Strength in the shadows
This past Saturday officially marked the return of the Rockhoppers regular Saturday morning Bandera training runs. We met at 4am and arrived at the park by 5 to get about an hour of dark running in before the sun rose to meet us. It was a great run with a fun group and the pace was rockin’.
Getting home by 11 a.m. after running nearly 20 miles, having nearly the whole day still ahead of you is an amazing feeling. So amazing in fact, I decided to run another 20ish miles later on Saturday. With the upcoming night 60k series, I figured it was a good idea to get some tired/delirious running in and practice some long miles on tired legs.
Around 9 p.m. I met up with a local group who is training for a local ultra. The plan was to a full loop of their 100 mile course, which amounted to 20 miles approximately (giving me about 38 for the day). I felt great early on, but around mile 14 or 15 some nausea begin creeping in. I never got to the point of feeling the need to throw up, but I felt like it was a fine line I was tip-toeing on. Thankfully, I had the cover of night to veil my grimaces, and before long I was embracing the feeling, knowing full-well that it will rear its head again when my 100 miler comes around. May as well learn to embrace it now.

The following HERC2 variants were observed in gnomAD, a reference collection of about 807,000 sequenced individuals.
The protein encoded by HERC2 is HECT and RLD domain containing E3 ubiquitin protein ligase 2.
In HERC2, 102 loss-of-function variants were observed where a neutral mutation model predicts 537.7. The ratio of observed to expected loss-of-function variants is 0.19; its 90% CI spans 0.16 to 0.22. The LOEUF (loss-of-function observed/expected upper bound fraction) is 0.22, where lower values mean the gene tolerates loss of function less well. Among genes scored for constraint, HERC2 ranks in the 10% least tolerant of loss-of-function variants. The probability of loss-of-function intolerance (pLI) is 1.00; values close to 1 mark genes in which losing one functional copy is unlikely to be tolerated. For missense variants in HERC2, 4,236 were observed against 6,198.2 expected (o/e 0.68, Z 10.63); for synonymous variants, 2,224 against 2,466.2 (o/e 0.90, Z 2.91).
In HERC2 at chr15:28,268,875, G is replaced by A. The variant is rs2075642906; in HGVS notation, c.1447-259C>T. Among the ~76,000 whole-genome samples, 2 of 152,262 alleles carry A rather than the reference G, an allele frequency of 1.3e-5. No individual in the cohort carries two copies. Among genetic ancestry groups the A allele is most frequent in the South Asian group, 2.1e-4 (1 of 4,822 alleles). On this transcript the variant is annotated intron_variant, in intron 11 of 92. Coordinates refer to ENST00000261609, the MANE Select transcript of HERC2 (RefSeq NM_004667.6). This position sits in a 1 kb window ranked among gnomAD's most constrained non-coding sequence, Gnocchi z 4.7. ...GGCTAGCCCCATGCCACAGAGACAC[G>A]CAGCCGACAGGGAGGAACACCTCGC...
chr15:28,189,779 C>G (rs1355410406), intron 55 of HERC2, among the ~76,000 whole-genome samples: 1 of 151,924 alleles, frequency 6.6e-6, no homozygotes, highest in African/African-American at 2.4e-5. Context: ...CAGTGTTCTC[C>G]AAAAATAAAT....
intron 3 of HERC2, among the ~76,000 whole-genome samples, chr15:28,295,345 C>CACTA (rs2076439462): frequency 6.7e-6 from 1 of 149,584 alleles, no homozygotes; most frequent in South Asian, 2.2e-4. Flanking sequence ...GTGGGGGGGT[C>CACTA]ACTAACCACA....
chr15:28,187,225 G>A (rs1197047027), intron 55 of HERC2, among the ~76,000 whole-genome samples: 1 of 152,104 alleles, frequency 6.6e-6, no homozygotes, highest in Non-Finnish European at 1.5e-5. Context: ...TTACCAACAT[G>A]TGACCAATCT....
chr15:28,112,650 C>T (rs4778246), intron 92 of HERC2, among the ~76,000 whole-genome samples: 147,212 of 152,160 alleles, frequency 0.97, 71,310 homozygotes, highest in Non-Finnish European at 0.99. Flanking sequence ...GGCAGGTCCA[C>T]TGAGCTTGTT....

The sun was gone and we were in the dark shortly into the run, which was nice because I had not gotten to test my new headlight yet for any decent length of time.
I had forgotten how much I enjoy running in the dark (howling coyotes excluded). There is something both eerie and beautiful about the entire world collapsing down to the confines of your headlight’s reach. Since I basically feel helpless anyway to whatever lies beyond the scope of my light, I lose fear of wild animals and trail hazards. Due to this blissful ignorance, I often find myself in a trance brought upon by a rhymic cadence of constant footsteps and deep breaths over roots and crushed rock.